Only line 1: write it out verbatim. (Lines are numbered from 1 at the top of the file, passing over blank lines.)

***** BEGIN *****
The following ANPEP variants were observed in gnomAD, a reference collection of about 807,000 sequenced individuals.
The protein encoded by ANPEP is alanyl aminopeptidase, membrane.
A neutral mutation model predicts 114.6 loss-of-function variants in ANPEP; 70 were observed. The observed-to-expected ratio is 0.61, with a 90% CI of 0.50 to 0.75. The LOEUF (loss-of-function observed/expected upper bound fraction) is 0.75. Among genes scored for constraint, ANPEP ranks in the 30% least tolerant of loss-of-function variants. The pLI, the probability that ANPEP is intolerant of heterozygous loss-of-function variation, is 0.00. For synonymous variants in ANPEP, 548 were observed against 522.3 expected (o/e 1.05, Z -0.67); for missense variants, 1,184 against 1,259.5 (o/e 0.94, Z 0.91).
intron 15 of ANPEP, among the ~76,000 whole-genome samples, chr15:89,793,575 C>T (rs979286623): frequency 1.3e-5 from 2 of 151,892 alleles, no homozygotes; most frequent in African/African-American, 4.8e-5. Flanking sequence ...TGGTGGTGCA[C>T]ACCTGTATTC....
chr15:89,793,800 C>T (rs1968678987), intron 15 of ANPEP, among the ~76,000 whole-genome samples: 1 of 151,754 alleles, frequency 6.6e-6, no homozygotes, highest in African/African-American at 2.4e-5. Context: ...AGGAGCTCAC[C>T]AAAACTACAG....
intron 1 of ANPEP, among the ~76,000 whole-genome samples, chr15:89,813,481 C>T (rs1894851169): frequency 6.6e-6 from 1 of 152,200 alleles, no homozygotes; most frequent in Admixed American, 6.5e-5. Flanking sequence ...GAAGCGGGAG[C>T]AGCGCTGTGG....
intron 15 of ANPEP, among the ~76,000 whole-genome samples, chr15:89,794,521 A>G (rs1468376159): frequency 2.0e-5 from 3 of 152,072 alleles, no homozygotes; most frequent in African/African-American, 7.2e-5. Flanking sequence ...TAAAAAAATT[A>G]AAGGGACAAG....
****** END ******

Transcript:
The following ANPEP variants were observed in gnomAD, a reference collection of about 807,000 sequenced individuals.